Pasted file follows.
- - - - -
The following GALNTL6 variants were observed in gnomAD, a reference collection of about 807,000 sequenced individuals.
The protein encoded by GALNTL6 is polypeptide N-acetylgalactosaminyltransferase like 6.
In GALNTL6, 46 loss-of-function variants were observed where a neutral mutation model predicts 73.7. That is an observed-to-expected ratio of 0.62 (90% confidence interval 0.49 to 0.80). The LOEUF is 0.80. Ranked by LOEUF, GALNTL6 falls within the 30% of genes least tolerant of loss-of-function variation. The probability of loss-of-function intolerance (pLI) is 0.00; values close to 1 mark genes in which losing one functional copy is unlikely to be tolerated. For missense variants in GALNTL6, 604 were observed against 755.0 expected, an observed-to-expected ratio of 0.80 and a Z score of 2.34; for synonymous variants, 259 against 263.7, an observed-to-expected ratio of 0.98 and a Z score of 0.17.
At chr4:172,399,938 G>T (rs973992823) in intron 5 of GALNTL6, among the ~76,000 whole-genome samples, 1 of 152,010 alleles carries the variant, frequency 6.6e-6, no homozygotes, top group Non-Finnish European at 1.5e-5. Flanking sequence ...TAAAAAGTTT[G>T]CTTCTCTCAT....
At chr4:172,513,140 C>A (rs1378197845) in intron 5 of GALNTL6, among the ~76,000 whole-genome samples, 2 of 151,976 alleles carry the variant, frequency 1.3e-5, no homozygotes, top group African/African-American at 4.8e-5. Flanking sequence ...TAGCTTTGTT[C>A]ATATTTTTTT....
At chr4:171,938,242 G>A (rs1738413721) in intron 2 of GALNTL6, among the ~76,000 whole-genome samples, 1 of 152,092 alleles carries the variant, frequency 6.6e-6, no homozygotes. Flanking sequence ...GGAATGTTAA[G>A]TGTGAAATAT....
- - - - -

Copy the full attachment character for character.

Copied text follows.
The following GALNTL6 variants were observed in gnomAD, a reference collection of about 807,000 sequenced individuals.
The protein encoded by GALNTL6 is polypeptide N-acetylgalactosaminyltransferase like 6.
In GALNTL6, 46 loss-of-function variants were observed where a neutral mutation model predicts 73.7. That is an observed-to-expected ratio of 0.62 (90% confidence interval 0.49 to 0.80). The LOEUF is 0.80. Ranked by LOEUF, GALNTL6 falls within the 30% of genes least tolerant of loss-of-function variation. The probability of loss-of-function intolerance (pLI) is 0.00; values close to 1 mark genes in which losing one functional copy is unlikely to be tolerated. For missense variants in GALNTL6, 604 were observed against 755.0 expected, an observed-to-expected ratio of 0.80 and a Z score of 2.34; for synonymous variants, 259 against 263.7, an observed-to-expected ratio of 0.98 and a Z score of 0.17.
At chr4:172,399,938 G>T (rs973992823) in intron 5 of GALNTL6, among the ~76,000 whole-genome samples, 1 of 152,010 alleles carries the variant, frequency 6.6e-6, no homozygotes, top group Non-Finnish European at 1.5e-5. Flanking sequence ...TAAAAAGTTT[G>T]CTTCTCTCAT....
At chr4:172,513,140 C>A (rs1378197845) in intron 5 of GALNTL6, among the ~76,000 whole-genome samples, 2 of 151,976 alleles carry the variant, frequency 1.3e-5, no homozygotes, top group African/African-American at 4.8e-5. Flanking sequence ...TAGCTTTGTT[C>A]ATATTTTTTT....
At chr4:171,938,242 G>A (rs1738413721) in intron 2 of GALNTL6, among the ~76,000 whole-genome samples, 1 of 152,092 alleles carries the variant, frequency 6.6e-6, no homozygotes. Flanking sequence ...GGAATGTTAA[G>A]TGTGAAATAT....